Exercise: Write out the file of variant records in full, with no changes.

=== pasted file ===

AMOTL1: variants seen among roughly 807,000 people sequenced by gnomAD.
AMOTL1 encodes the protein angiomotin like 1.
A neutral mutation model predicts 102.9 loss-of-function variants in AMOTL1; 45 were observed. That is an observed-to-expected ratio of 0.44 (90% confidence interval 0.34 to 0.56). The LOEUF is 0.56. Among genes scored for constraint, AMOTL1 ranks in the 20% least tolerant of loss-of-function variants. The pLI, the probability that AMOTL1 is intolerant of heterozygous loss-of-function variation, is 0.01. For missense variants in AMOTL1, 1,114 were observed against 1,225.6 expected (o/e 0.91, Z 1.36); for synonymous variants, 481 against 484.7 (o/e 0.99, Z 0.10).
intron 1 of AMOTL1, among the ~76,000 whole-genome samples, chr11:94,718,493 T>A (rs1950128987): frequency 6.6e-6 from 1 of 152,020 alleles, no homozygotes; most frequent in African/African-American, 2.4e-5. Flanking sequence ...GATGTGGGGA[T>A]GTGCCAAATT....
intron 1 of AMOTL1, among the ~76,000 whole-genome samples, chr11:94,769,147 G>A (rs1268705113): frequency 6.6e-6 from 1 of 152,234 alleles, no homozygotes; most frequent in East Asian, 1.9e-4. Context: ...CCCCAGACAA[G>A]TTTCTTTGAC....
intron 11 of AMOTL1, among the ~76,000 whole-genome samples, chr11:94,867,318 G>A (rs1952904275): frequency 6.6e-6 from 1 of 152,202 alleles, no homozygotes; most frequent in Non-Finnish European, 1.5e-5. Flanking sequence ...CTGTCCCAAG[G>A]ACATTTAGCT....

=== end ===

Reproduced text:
AMOTL1: variants seen among roughly 807,000 people sequenced by gnomAD.
AMOTL1 encodes the protein angiomotin like 1.
A neutral mutation model predicts 102.9 loss-of-function variants in AMOTL1; 45 were observed. That is an observed-to-expected ratio of 0.44 (90% confidence interval 0.34 to 0.56). The LOEUF is 0.56. Among genes scored for constraint, AMOTL1 ranks in the 20% least tolerant of loss-of-function variants. The pLI, the probability that AMOTL1 is intolerant of heterozygous loss-of-function variation, is 0.01. For missense variants in AMOTL1, 1,114 were observed against 1,225.6 expected (o/e 0.91, Z 1.36); for synonymous variants, 481 against 484.7 (o/e 0.99, Z 0.10).
intron 1 of AMOTL1, among the ~76,000 whole-genome samples, chr11:94,718,493 T>A (rs1950128987): frequency 6.6e-6 from 1 of 152,020 alleles, no homozygotes; most frequent in African/African-American, 2.4e-5. Flanking sequence ...GATGTGGGGA[T>A]GTGCCAAATT....
intron 1 of AMOTL1, among the ~76,000 whole-genome samples, chr11:94,769,147 G>A (rs1268705113): frequency 6.6e-6 from 1 of 152,234 alleles, no homozygotes; most frequent in East Asian, 1.9e-4. Context: ...CCCCAGACAA[G>A]TTTCTTTGAC....
intron 11 of AMOTL1, among the ~76,000 whole-genome samples, chr11:94,867,318 G>A (rs1952904275): frequency 6.6e-6 from 1 of 152,202 alleles, no homozygotes; most frequent in Non-Finnish European, 1.5e-5. Flanking sequence ...CTGTCCCAAG[G>A]ACATTTAGCT....